Origins of Trooping the Colour

 
  • Author
  • EJ Ward
  • June 10,2017
 

Marking the Queen's official birthday, this annual event features hundreds of officers, horses and musicians from the Household Division in ceremonial uniform. 

 

 

Regimental flags of the British Army were historically described as ‘Colours’ because they displayed the uniform Colours and insignia worn by the soldiers of different units. The name ‘Colour’ continues to be used to this day. The principal role of a regiment’s Colours was to provide a rallying point on the battlefield. This was important because, without modern communications, it was all too easy for troops to become disoriented and separated from their unit during conflict.

 

If Troops were to know what their Regiment’s Colours looked like, it was necessary to display them regularly. The way in which this was done was for young officers to march in between the ranks of troops formed up in lines with the Colours held high. This is the origin of the word ‘trooping’. So, what today is a great tradition began life as a vital and practical parade designed to aid unit recognition before a battle commenced.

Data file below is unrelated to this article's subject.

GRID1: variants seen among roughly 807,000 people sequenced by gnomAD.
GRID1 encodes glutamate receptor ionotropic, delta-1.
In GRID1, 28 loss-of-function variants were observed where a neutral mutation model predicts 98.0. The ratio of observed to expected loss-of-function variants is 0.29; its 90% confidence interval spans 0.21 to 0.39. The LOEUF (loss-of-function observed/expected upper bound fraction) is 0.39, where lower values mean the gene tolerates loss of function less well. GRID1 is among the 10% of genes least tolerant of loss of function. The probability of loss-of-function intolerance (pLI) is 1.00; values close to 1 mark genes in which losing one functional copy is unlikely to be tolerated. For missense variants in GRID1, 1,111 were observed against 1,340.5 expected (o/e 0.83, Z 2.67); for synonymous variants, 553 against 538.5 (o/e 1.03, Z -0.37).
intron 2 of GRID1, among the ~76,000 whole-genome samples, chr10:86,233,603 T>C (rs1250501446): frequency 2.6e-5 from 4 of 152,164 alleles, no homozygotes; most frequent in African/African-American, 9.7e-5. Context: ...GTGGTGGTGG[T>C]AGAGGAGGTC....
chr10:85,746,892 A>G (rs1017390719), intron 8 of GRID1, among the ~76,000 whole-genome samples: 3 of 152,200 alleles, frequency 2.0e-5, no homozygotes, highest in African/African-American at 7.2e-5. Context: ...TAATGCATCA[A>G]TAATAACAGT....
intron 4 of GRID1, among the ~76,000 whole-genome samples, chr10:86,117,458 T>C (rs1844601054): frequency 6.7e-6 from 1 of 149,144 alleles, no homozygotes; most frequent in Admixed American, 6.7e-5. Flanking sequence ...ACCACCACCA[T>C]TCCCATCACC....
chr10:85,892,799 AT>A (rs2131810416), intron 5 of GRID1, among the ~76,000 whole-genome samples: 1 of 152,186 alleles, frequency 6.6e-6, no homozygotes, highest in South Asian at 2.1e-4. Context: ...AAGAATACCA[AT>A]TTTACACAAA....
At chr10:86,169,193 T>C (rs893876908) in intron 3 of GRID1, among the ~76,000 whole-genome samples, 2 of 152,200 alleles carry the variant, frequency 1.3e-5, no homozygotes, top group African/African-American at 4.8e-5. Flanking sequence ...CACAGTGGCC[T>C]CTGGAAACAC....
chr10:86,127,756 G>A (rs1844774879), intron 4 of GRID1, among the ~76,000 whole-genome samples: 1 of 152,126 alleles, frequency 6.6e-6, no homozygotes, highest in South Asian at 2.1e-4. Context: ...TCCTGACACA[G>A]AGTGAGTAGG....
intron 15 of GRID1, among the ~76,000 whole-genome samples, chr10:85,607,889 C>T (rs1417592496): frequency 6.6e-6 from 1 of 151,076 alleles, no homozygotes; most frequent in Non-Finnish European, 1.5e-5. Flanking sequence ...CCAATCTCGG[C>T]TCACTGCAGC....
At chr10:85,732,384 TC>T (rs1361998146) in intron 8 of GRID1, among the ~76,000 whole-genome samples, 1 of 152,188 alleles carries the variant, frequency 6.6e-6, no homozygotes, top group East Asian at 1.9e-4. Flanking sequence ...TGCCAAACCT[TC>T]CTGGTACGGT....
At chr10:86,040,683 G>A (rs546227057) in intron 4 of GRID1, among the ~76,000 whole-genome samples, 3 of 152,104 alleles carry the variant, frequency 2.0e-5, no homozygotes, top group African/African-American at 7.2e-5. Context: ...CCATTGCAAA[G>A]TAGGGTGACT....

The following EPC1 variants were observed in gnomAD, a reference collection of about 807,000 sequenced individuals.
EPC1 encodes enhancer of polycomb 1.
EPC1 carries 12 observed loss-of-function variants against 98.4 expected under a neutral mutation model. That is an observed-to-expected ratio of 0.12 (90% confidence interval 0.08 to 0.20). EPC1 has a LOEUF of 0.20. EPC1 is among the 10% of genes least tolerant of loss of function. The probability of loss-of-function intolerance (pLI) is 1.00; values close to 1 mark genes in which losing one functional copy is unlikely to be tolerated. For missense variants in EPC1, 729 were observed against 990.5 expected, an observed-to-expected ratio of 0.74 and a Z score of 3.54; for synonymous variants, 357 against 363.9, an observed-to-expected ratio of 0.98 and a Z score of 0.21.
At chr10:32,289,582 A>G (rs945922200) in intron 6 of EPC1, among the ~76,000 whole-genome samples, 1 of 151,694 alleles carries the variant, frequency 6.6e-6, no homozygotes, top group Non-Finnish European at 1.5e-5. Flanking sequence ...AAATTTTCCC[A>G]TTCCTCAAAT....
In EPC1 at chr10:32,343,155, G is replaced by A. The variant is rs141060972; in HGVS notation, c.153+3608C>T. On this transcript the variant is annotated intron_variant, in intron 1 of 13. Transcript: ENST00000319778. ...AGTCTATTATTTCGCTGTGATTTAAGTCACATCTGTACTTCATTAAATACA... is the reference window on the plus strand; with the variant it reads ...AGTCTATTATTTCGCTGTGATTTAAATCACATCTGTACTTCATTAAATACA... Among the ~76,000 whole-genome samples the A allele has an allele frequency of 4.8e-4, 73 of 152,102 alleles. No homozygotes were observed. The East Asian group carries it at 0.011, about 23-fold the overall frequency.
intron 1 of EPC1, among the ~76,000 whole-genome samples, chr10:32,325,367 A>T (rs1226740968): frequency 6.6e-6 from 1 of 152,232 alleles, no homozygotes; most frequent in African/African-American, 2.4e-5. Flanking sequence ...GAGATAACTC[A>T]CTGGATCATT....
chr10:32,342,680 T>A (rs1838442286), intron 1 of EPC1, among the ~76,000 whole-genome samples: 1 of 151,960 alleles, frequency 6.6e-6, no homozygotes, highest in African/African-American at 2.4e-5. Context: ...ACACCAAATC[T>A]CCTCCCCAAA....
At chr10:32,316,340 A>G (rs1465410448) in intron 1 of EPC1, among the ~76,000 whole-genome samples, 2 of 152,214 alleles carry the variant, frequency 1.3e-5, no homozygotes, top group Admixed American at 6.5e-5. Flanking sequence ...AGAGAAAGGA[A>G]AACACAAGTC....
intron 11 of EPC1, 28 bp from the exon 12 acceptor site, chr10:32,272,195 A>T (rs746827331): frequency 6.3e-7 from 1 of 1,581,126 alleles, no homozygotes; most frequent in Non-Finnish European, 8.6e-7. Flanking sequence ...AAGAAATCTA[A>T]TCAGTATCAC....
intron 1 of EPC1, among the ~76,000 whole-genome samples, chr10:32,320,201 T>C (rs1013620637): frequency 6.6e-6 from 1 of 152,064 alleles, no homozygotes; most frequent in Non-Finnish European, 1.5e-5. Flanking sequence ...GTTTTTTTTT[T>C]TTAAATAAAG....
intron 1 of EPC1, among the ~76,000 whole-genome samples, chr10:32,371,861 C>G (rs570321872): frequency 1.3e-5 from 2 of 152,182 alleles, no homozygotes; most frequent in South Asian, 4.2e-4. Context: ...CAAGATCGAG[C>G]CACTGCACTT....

The Guards are amongst the oldest regiments of the British Army and have served as the personal bodyguards of The Sovereign since the monarchy was restored after the English Civil War in 1660. The ceremony of Trooping the Colour is believed to have been performed first during the reign of King Charles II (1660 – 1685). In 1748, it was decided that this parade would be used to mark the official birthday of the Sovereign and it became an annual event after George III became King in 1760.

 

Today, this colourful spectacular remains a celebration of the Sovereign’s official birthday. Although Her Majesty The Queen’s actual birthday is the 21st April, her ‘official birthday’ is marked by the Trooping the Colour ceremony.

 

What Happens On The Day

 

The Queen herself attends the ceremony. She is first escorted in a carriage from Buckingham Palace to Horse Guards Parade. There, she carries out an inspection of her troops, before leading her Guards in a parade back down The Mall to Buckingham Palace. Once at the palace, the Queen takes the salute, and guns are fired in Green Park and at the Tower of London. Finally she joins other members of the Royal Family on the palace balcony to watch the Royal Air Force fly-past.

 

Events begin around 10am and the RAF fly-past takes place at 1pm.

 





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